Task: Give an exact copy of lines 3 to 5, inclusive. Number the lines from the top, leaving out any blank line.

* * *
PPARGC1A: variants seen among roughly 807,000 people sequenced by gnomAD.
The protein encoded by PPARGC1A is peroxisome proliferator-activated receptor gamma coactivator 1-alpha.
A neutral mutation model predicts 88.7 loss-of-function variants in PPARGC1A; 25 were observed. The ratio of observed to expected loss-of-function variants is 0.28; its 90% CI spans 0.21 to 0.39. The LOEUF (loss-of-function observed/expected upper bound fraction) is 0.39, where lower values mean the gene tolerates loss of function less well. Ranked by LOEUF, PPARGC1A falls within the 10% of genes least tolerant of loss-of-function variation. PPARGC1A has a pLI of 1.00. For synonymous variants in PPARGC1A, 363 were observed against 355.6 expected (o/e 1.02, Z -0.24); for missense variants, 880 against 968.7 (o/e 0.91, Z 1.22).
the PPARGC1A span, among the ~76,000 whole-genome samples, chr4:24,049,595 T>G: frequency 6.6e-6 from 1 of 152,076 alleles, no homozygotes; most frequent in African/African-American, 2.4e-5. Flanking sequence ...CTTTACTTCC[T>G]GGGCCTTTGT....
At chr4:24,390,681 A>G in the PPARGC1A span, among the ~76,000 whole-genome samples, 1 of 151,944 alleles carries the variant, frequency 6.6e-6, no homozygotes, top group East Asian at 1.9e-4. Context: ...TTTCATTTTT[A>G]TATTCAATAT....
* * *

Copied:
A neutral mutation model predicts 88.7 loss-of-function variants in PPARGC1A; 25 were observed. The ratio of observed to expected loss-of-function variants is 0.28; its 90% CI spans 0.21 to 0.39. The LOEUF (loss-of-function observed/expected upper bound fraction) is 0.39, where lower values mean the gene tolerates loss of function less well. Ranked by LOEUF, PPARGC1A falls within the 10% of genes least tolerant of loss-of-function variation. PPARGC1A has a pLI of 1.00. For synonymous variants in PPARGC1A, 363 were observed against 355.6 expected (o/e 1.02, Z -0.24); for missense variants, 880 against 968.7 (o/e 0.91, Z 1.22).
the PPARGC1A span, among the ~76,000 whole-genome samples, chr4:24,049,595 T>G: frequency 6.6e-6 from 1 of 152,076 alleles, no homozygotes; most frequent in African/African-American, 2.4e-5. Flanking sequence ...CTTTACTTCC[T>G]GGGCCTTTGT....
At chr4:24,390,681 A>G in the PPARGC1A span, among the ~76,000 whole-genome samples, 1 of 151,944 alleles carries the variant, frequency 6.6e-6, no homozygotes, top group East Asian at 1.9e-4. Context: ...TTTCATTTTT[A>G]TATTCAATAT....